This sweet girl is our new dog - a 3-year old Beagle mix which we got from a shelter. So far, so good....
|This hangs over my daughter's bookshelf in her room.|
|floral pins and pom-pom makers|
Whether we knit or sew, spin or weave, or refinish chairs, making things that people can use to clothe their bodies or furnish their homes can offer a welcome change from the recurring tasks of daily life. One woman says, "Whenever I begin to feel entangled and trapped in necessary tasks, I hear my grandmother's voice telling me that her mother used to admonish her: 'You have to make something, Sarah Elizabeth. You shouldn't spend all your time cooking and cleaning--those things are never done. You have to make something!'"
Cooking, cleaning, laundry--these things are necessary and important and perhaps more lasting, at least in their effects, than we tend to give them credit for. But it is important to make things too--things to wear and things to use, things to keep and things to give, things that can remind us of our own essential physicality and of our links to past and future generations.
"...All of housework is creative, including the so-called janitorial part of it. When God created the heavens and the earth, he started with chaos and ended with a finely differentiated and beautiful universe. Housework is all about bringing order out of chaos. That heap of damply repulsive clothes on the bathroom floor turns into stacks of neatly folded clean laundry in a matter of hours; a dining table piled high with junk mail, school papers, and forgotten socks turns into a table neatly set for a meal; a sack of potatoes, properly peeled, boiled, riced, and seasoned, turns into a dish of mashed potatoes that the individuals assembled around the table are happy to eat."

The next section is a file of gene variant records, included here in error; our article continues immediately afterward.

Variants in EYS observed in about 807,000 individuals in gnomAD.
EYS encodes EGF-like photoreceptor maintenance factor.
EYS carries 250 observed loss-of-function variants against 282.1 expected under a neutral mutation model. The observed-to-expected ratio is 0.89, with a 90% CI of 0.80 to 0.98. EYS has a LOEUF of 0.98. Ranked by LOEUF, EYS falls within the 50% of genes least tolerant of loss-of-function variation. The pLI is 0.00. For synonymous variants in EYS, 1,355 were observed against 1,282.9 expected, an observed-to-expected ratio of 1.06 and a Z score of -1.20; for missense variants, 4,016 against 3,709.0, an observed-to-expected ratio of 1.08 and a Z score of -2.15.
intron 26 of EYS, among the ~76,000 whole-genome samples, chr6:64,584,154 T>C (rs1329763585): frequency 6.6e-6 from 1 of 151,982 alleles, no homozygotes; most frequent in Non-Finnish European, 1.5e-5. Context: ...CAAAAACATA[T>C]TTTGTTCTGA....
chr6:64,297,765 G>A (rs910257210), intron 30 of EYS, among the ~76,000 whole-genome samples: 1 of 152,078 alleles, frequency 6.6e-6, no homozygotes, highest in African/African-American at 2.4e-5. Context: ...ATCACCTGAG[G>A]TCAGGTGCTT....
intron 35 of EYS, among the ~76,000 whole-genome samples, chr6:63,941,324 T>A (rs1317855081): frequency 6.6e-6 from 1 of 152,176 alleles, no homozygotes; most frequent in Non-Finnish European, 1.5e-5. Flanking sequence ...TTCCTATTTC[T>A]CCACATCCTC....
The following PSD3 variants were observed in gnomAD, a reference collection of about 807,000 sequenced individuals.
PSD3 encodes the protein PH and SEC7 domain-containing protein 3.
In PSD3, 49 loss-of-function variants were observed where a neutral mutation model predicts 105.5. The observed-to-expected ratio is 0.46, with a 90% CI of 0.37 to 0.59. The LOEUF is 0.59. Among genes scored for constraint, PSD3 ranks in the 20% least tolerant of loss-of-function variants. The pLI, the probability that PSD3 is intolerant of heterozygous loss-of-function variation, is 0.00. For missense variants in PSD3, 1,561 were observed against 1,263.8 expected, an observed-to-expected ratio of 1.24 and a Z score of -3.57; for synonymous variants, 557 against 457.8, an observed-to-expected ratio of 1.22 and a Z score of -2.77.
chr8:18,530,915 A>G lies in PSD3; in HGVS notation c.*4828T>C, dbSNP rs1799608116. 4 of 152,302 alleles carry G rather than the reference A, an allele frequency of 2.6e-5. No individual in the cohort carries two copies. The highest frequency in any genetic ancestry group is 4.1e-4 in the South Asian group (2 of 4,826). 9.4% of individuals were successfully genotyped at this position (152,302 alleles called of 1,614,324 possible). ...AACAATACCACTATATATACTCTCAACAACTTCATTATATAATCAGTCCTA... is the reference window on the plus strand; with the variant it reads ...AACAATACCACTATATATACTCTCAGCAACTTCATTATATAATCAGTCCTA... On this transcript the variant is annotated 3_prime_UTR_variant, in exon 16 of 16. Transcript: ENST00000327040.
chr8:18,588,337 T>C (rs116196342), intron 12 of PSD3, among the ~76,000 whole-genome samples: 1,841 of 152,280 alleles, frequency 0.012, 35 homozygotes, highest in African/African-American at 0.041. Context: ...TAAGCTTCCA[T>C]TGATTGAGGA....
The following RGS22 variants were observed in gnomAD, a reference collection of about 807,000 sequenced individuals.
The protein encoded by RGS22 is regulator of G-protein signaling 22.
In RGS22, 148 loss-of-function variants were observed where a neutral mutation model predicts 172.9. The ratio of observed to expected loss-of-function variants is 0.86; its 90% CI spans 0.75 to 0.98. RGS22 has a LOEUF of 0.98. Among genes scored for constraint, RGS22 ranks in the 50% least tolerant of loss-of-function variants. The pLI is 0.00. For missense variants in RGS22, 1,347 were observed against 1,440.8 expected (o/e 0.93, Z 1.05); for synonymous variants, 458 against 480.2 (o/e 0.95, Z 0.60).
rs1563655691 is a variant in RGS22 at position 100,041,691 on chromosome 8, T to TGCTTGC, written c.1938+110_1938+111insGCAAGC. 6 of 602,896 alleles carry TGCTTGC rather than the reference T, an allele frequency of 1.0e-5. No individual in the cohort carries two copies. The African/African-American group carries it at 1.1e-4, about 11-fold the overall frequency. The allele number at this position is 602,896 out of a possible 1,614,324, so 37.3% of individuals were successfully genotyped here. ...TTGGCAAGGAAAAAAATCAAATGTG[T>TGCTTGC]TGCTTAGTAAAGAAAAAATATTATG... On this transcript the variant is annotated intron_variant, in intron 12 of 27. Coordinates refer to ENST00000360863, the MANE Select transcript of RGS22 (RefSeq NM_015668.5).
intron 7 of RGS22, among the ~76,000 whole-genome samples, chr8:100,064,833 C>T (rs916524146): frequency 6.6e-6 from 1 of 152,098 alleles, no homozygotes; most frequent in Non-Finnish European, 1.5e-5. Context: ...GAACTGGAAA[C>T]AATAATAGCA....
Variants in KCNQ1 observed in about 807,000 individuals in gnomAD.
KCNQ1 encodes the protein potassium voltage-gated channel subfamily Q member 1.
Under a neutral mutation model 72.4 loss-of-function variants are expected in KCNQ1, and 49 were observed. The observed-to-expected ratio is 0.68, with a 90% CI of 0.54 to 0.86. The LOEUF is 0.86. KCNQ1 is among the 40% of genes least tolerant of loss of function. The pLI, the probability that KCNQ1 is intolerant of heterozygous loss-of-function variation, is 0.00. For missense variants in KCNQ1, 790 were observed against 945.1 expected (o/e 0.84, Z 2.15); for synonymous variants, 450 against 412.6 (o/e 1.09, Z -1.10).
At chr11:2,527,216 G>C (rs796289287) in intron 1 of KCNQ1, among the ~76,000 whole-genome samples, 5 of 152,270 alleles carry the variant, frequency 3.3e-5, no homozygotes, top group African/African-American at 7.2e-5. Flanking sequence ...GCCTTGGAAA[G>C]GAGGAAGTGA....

..." 'for I was hungry and you gave me food, I was thirsty and you gave me drink, I was a stranger and you welcomed me, I was naked and you clothed me, I was sick and you visited me...Truly, I say to you, as you did it to one of the least of these my brethren, you did it to me.'
"There is a tendency, I think, on the part of those of us who are well fed, clothed, and housed to imagine that the needy people to whom Jesus refers in Matthew 25 are people we don't know--the sort of people who are served at homeless shelters and soup kitchens, at which we ought therefore to volunteer at least occasionally. But housework is all about feeding and clothing and sheltering people who, in the absence of all that daily work, would otherwise be hungry and ill-clad and ill-housed.
"There is undoubtedly more to the merciful service that Jesus describes in Matthew 25 than caring for the daily needs of the members of our own households. Housework is a beginning, not an end. But it is a beginning--not a sidetrack, not a distraction, but a beginning, and an essential one at that--in the properly Christian work of, among other things, meeting the everyday needs of others, whether those be our fellow household members, our near neighbors, or people more sociologically or geographically distant from ourselves."
|A recipe I'd like to try.|